CLEARWATER — Nearly a year after road construction began, a stretch of Cleveland Street just east of Clearwater's downtown core still resembles a ripped-up moonscape.
Some businesses there are furious at the city for what they view as the slow pace of the roadwork. The project on Cleveland between Myrtle and Missouri avenues has run into unexpected delays and now won't be finished until April.
"People are scared to come here. Nobody wants to sit outside because there's too much dirt," says Gennaro DeLiso, head chef at Casanova Restaurant & Lounge, which has an outdoor dining patio at 811 Cleveland St. "We have waiters and bartenders who are going to be out on the street."
He gestured out the window, where four construction workers in orange vests were smoking cigarettes and talking on cellphones. On that day, there was no other activity happening along three blocks of torn-up street.
Clearwater is extending its downtown streetscaping project eastward along Cleveland, turning it from a four-lane street into a heavily landscaped two-lane street with a median. It's a cheaper version of what the city did on Cleveland between Myrtle and Osceola avenues in 2006 and 2007.
The goal of the $2.9 million project is to foster redevelopment by making the street a pedestrian-friendly thoroughfare with wide sidewalks, new palm trees and lighting.
However, construction crews hit a snag while digging up the street to put in new water mains. Beneath the asphalt, they found a spongy layer of peat that had to be replaced with fill.
"We worried about how the road would hold up if we didn't take it out. It's just not stable," said Tim Kurtz, the city's engineering project manager. "Go to Home Depot or Lowe's and ask for a bag of peat; it's non-decomposed vegetative matter. This area was probably a wetland at one time."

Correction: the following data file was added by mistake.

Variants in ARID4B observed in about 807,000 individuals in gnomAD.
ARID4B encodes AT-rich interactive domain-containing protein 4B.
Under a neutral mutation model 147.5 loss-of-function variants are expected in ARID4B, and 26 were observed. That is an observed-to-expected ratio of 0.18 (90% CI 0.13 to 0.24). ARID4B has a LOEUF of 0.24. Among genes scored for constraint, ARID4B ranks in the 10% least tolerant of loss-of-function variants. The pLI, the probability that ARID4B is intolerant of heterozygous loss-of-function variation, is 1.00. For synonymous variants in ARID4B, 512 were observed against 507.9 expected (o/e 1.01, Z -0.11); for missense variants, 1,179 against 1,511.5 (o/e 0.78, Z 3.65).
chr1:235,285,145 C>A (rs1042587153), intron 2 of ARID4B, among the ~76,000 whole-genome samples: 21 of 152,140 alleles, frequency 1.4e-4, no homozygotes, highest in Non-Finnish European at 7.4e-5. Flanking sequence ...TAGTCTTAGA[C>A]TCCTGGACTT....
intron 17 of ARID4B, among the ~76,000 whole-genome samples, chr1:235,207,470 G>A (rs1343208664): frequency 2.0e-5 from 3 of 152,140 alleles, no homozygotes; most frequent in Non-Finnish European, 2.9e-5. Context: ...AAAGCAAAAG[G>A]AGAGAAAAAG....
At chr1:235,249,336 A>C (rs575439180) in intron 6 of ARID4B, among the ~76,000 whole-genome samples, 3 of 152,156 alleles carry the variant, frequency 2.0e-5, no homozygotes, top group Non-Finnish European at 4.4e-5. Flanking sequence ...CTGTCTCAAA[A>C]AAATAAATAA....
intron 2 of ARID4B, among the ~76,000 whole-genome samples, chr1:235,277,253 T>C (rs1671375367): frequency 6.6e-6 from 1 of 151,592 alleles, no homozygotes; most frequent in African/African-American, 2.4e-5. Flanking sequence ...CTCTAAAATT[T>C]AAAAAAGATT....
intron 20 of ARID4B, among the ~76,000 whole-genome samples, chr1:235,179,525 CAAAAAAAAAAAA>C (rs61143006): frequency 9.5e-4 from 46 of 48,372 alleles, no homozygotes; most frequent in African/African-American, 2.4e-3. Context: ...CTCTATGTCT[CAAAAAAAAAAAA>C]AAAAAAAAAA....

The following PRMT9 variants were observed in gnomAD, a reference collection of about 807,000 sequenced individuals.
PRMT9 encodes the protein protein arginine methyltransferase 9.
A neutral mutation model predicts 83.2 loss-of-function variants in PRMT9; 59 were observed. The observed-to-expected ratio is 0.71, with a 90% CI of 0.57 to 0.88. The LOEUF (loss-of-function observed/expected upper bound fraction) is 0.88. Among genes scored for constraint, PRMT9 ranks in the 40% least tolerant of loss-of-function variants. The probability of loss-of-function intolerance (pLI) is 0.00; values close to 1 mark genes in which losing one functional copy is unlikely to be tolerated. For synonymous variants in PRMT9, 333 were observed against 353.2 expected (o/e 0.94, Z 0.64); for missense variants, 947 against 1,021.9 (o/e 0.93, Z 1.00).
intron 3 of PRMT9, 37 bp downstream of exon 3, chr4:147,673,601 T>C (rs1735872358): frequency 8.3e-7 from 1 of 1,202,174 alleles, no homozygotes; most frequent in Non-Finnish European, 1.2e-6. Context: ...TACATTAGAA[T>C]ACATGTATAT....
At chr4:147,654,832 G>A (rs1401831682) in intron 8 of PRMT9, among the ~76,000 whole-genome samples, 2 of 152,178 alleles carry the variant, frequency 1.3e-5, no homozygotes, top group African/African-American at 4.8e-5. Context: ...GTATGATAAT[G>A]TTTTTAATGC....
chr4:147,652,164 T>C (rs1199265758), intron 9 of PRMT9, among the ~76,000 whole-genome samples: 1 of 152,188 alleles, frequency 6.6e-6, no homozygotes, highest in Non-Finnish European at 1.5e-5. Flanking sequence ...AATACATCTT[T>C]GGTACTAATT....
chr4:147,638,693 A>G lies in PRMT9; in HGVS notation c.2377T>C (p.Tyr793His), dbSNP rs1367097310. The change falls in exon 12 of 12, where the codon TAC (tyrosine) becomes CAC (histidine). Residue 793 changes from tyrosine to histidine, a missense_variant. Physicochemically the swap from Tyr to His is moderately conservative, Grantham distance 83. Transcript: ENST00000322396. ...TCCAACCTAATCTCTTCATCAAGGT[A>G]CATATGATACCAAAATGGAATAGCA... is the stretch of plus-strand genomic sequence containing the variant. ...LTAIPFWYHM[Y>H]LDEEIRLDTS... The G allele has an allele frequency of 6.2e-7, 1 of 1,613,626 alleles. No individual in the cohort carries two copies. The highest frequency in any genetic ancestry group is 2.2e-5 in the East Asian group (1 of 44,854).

The discovery was unexpected because, after all, Cleveland Street has been there for a long time. But the city found that the state had added several inches of asphalt to the street as the ground settled over time. Cleveland Street, which is now a city street, used to be State Road 60 until a new Memorial Causeway Bridge was built and the state route moved south to Court and Chestnut streets.
"This has caused us a bit of a delay," said Geri Campos Lopez, the city's director of economic development. The project will be finished two months late.
However, some restaurants on Cleveland think the roadwork should have been done by now.
At a sub shop called Mr. Submarine-Mr. Gyros at 1010 Cleveland, owners Henry and Tony Saydi said business is down 30 percent and they've laid off two workers. The Saydi cousins, who have owned the place for 23 years, say they're working 14-hour days to survive.
"Why do they only have six people working on the job?" Henry Saydi said, gesturing outside.
The number of workers assigned to the street project has fluctuated; some days there have been roughly 20 workers on the job, other days only a handful.
Jeff Stevenson, project manager for MTM Contractors, said the company reduced the number of workers at the construction site while a geotechnical engineer investigated how much unstable ground was beneath the street. Now that this problem has been fixed, he said, there are several crews working there.
But Raffaele Rugo, owner of Casanova Restaurant, is still upset with the city over the delays. In his view, closing the street until April will kill his entire snowbird-and-tourist season.
"They're killing us. We're down 45 percent from last year to this year," he said. "Customers can't find us. Their GPS won't take them here. They get frustrated and don't come in."
Mike Brassfield can be reached at email@example.com or (727) 445-4151.